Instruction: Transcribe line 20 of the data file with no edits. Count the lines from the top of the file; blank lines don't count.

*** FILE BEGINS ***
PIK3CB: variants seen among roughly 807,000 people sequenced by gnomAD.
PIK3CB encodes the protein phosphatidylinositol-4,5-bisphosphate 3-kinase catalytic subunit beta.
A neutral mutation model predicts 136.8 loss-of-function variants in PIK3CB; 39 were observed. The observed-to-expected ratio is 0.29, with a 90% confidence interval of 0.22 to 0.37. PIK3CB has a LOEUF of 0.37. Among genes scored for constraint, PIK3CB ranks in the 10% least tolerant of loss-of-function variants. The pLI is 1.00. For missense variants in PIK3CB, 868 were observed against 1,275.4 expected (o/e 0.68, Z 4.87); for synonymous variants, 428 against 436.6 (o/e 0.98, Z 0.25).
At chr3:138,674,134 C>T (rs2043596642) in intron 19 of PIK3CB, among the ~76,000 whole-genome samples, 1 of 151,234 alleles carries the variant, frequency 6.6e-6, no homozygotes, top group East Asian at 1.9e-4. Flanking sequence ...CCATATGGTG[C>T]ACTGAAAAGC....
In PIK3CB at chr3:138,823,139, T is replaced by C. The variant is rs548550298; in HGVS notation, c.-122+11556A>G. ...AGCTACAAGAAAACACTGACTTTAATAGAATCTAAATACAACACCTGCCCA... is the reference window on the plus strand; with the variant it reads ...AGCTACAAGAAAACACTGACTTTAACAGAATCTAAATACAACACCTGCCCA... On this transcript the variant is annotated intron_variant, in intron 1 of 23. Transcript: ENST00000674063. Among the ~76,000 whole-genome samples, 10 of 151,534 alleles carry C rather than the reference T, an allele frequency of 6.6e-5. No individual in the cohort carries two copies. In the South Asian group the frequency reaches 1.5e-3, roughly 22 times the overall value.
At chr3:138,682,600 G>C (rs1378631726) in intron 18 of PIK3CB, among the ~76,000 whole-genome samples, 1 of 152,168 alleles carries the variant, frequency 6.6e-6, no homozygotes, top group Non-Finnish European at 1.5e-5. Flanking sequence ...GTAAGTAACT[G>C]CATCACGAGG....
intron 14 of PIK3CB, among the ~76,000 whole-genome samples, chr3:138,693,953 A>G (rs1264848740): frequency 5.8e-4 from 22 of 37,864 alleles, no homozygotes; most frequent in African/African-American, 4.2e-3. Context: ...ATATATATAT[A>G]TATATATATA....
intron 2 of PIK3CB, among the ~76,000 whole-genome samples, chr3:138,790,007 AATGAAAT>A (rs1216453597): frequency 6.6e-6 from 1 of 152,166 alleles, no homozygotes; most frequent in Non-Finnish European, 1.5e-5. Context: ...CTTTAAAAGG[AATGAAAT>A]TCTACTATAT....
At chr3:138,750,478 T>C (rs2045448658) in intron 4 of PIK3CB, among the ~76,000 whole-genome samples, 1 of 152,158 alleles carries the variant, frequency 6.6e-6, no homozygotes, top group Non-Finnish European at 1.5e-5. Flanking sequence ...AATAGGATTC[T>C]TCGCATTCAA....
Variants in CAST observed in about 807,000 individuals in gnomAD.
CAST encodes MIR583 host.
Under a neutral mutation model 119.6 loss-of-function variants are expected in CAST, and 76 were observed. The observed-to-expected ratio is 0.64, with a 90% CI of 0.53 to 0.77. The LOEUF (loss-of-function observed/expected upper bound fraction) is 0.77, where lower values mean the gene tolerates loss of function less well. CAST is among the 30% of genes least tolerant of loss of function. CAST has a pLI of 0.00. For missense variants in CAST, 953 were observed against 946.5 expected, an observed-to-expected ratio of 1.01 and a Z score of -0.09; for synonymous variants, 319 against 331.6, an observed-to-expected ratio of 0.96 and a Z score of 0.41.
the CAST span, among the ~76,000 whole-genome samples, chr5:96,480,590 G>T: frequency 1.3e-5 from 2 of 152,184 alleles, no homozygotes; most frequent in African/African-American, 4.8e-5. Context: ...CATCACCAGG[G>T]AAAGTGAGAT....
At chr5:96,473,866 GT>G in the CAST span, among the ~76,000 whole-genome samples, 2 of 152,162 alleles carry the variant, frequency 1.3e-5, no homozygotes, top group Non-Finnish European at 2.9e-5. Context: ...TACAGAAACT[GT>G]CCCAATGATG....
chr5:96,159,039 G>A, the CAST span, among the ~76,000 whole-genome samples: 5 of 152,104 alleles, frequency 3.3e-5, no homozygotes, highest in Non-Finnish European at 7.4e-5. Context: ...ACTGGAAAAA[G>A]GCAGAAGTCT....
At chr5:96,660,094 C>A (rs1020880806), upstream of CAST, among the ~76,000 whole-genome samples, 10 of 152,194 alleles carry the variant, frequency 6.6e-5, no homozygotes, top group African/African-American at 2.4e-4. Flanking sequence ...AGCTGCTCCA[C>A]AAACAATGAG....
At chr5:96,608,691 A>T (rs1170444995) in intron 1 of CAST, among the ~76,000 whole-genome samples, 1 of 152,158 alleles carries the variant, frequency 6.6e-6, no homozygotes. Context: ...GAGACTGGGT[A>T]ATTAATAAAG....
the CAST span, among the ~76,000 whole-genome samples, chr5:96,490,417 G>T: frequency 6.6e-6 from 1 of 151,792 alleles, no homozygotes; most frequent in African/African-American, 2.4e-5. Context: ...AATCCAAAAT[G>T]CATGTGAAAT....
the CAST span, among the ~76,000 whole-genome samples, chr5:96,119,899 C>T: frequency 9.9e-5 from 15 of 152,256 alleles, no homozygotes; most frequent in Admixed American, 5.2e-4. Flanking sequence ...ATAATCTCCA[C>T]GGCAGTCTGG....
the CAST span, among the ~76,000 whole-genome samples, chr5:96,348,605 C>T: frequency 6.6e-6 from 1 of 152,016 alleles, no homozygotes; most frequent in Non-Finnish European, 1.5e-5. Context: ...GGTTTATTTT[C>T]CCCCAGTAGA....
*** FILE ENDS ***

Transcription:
the CAST span, among the ~76,000 whole-genome samples, chr5:96,348,605 C>T: frequency 6.6e-6 from 1 of 152,016 alleles, no homozygotes; most frequent in Non-Finnish European, 1.5e-5. Context: ...GGTTTATTTT[C>T]CCCCAGTAGA....